Although we did not find an interaction between birth weight status (large vs small) and zygosity, the differences in conduct problems tended to be higher in DZ discordant twins than in MZ twins. A previous study,39 which examined the implications of birth weight differences on conduct problems among MZ twins at the age of 7 years, did not find significant correlations between teacher-reported conduct problems and birth weight. Thus, there is some evidence that the effects of birth weight twin differences are more prominent among DZ twins. This may occur because of their different genetic heritage, which inclines them to seek or create more diverse environments, compared with MZ twins (who share 100% of their DNA sequence) in accordance with processes of evocative and active gene-environment correlations.44,45
In their review of the literature, Plomin and Daniels1 concluded that the nonshared environment of different children in the same family has a major influence on personality, psychopathological behavior, and cognitive abilities. In the present study, we examined birth weight differences as one potential contributor to this environmental variability. Although birth weight may reflect genetic differences between the twins, it may be affected by environmental factors as well, such as location of the placenta,46 sex of the other twin,47,48 and twin-to-twin transfusion syndrome in MZ, monochorionic twins.49 Furthermore, transplacental hormonal transfer may also affect behavior of MZ twins, especially in cases of twin-to-twin transfusion syndrome, compared with DZ twins, in whom the circulation systems are separate.50 The lack of an overall association between conduct problems and birth weight suggests that the larger DZ twin effects are not the result of the same genes being responsible for the differentiation in twins' conduct problems and weight. Instead, our results single out weight differences as the differentiating factor in terms of conduct problems.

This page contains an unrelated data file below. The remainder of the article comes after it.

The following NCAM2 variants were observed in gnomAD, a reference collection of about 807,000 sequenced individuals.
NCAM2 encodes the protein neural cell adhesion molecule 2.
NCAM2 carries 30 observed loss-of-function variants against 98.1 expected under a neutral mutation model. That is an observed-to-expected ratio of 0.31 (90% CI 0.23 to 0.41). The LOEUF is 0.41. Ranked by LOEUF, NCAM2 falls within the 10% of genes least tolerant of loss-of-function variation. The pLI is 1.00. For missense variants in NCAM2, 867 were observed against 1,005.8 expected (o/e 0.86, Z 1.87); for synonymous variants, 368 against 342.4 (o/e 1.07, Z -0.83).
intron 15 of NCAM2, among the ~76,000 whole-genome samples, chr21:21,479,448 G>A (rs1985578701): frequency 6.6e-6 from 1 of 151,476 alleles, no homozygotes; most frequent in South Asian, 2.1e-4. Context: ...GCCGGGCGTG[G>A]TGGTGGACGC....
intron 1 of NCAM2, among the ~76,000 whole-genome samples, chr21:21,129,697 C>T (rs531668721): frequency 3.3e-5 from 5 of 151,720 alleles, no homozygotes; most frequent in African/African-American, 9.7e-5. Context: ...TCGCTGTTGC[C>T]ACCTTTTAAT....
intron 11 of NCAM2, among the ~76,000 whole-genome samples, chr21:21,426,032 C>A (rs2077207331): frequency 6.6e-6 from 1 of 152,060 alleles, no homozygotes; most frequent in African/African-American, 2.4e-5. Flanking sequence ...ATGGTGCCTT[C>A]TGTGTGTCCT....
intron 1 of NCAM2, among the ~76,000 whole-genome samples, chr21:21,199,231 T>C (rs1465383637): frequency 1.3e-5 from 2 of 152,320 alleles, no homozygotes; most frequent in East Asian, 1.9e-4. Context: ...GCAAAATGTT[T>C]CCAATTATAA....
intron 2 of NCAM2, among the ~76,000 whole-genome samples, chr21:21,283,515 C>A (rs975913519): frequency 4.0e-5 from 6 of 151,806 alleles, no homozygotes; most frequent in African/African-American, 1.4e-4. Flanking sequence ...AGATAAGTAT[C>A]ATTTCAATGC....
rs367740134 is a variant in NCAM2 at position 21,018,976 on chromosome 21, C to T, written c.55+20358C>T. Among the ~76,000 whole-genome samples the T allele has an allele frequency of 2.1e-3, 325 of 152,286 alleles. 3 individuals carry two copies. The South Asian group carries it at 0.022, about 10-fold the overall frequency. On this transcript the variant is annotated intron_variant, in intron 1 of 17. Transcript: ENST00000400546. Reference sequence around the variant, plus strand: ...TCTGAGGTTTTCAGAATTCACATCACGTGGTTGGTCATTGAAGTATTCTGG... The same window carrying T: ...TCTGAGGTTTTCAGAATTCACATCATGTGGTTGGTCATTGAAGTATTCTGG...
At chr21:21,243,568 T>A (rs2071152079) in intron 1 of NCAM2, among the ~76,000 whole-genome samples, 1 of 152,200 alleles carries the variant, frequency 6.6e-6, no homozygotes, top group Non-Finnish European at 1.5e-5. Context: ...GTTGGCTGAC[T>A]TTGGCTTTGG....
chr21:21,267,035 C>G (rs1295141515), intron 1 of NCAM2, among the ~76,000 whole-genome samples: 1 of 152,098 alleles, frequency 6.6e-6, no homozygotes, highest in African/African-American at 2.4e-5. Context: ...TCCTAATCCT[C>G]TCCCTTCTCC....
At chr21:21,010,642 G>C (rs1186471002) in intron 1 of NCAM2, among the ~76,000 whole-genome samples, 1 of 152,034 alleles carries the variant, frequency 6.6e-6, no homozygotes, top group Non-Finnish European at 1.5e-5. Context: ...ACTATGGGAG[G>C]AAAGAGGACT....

Although the present study has shown interesting findings regarding the effect of birth weight on subsequent conduct problems, further studies are needed to clarify the factors that may mediate this effect. One promising path of research may be to examine, in longitudinal studies, differences in early parenting toward twins with substantially different birth weight and, in case such differences are found, to examine them as mediators of the effect of birth weight on later conduct problems. Although birth weight–discordant twins may grow within the normal weights for twins,51 it is also possible that 1 or both twins would be intrauterine growth restricted, and the physiologic and behavioral consequences of intrauterine growth restriction are well established.52 We plan to address these issues in future reports.